If a customer needs service for a product and calls in to schedule a repair, having all essential information at hand can significantly speed up things for your CS staff. Things do break, and the better your company can handle the situation, the more loyal your customers will become. So, in addition to having all your customers’ details at the disposal of your call agent, they should also have a clear view of your servicing engineers’ agendas. We haven't touched on the different communication channels, but these need to be properly integrated as well.

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The drawbacks of unified commerce

So, are there only upsides to unified commerce? Unfortunately, not. For starters, it’s an amazing tool for making a flying start with e-commerce... for any organization without legacy systems. However, chances are slim this applies to your situation. This means that a lot of your systems that are already in use need to be updated or replaced to fully reap the benefits of unified commerce.

This can be an expensive exercise with a lot of impact on your organization. Depending on your specific situation, and the level of adjustments needed, this transition can also be very time consuming and require change-management to be successful. Your workforce will be asked to learn how to manage new systems and adopt a different way of working.

Having a single centralized system presents huge benefits, as explained earlier. However, if not executed correctly, you will end up with a SPOF (Single-Point-Of-Failure) setup. You have to take steps to protect your systems from collapsing under pressure or when under attack. We’ll come back to this topic shortly. But don’t let the potential drawbacks and challenges discourage you from moving to a Unified Commerce setup. The world is changing, and your customers expect more. Ignoring this trend will not put you in a position to come out on top.  

How to approach your transition to unified commerce

Our preferred approach for transitioning your organization to a Unified Commerce setup is by working from the back to the front. As with building a house, you only focus on painting the walls after having sorted the foundation, structural work, and plumbing. The key systems should be in place and fully integrated. In regard to Unified Commerce, the primary focus should be on the following systems: ERP, CRM, and PIM.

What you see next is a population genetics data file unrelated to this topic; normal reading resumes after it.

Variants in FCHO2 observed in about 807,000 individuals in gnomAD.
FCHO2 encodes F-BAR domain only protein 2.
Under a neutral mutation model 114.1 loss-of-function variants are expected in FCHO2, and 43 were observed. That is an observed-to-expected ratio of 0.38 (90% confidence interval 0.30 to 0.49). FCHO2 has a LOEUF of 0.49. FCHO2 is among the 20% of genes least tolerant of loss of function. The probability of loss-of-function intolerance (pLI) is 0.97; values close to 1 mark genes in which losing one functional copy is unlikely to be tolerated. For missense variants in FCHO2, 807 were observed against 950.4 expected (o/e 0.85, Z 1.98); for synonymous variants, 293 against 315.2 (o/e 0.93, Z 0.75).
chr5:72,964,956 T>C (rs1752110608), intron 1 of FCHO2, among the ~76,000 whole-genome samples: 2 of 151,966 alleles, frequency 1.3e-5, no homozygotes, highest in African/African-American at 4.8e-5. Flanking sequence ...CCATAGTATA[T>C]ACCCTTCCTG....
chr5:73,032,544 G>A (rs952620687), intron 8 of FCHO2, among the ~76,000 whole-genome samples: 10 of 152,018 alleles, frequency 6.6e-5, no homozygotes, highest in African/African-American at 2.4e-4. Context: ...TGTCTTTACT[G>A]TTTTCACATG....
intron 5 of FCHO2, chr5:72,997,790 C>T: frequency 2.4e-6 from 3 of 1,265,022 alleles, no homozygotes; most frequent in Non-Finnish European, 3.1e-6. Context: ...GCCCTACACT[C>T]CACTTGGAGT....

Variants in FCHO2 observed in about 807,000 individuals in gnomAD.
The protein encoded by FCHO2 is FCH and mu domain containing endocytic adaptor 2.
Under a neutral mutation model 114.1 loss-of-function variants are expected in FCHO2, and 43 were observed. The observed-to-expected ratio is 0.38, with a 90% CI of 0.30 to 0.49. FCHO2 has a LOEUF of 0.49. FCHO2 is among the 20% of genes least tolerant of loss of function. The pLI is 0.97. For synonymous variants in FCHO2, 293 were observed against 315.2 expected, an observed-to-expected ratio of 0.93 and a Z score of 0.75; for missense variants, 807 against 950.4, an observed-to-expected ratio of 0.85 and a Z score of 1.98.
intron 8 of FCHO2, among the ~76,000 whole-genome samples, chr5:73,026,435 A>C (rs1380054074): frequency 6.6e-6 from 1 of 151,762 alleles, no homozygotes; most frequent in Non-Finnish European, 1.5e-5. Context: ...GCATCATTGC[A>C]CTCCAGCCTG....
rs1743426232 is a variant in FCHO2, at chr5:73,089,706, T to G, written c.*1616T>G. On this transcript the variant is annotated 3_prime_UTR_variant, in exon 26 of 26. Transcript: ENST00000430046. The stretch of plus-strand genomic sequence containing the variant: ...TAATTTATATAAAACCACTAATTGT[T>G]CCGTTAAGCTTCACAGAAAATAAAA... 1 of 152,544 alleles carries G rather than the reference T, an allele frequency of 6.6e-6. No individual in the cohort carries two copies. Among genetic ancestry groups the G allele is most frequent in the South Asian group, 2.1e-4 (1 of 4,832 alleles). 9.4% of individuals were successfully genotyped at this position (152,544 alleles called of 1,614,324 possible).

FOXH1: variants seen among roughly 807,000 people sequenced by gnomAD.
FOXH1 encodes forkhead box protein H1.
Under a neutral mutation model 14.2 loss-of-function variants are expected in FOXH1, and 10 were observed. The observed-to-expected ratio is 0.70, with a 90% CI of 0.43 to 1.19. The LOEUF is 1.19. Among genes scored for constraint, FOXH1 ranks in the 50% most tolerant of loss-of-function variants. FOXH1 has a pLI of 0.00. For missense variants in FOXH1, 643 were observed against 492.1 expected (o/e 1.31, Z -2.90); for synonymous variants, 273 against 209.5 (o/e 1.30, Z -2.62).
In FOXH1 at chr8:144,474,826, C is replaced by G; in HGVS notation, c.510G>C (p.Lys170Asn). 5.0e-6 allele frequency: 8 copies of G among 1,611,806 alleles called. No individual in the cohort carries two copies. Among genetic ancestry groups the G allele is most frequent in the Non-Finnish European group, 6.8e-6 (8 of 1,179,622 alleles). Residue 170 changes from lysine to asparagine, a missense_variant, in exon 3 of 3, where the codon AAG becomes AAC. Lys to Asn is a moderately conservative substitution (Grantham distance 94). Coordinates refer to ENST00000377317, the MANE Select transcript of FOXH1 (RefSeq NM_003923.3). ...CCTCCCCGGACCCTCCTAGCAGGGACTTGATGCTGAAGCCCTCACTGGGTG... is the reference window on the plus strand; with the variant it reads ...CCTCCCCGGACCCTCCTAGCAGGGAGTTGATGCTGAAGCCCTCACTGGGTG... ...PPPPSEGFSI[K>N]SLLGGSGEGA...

Without these three systems in place, it will be a lot tougher to reach your end goal. Since most organizations already have multiple systems up and running that need to be replaced, we usually recommend using the strangler approach. This approach gradually sets up the new system around the edges of the old system, letting it grow by gradually activating new features over a certain period of time until the old system is completely strangled. This process is repeated until all key systems are in place, at which point you can slowly make your way to the front of the system.  

Download B2B E-commerce White paper 

The role of SAP in setting up Unified Commerce

SAP can supply the following systems to support your Unified Commerce setup; SAP S/4 handles your ERP, SAP C/4 focuses on your CRM, and lastly we have SAP PCM for your PIM needs. These systems were all built with integration in mind, and obviously work extremely well together. So, should you already have one or more of these systems in place, that simply means less strangling for your organization in order to make the transition.

SAP Commerce provides multiple options for deploying its systems and can be completely integrated into your ecosystem. SAP Commerce can even serve as an integrator for other systems, as it provides a wide array of APIs they can consume. To limit the dangers of working from a SPOF (Single Point Of Failure), all these systems can be hosted in the SAP Cloud. Relying on SAP’s experience to keep your systems protected and running grants you more time to focus on your business.  

But we are a B2B (or B2C) organization

The main difference between B2B and B2C is who your customers are. In a B2B environment, pricing is generally based on volume and can differ for every customer and partner. When it comes to B2C, consumers generally all enjoy the same price. Managing a B2C customer is also a somewhat different affair. Traditionally, B2C tends to focus on a more generic response to common questions, whereas B2B prefers a more personal approach. Luckily, SAP systems are configured to cater to both the B2C and B2B world. Several reference cases are available to further illustrate how SAP can drive value. Feel free to reach out to us for more information.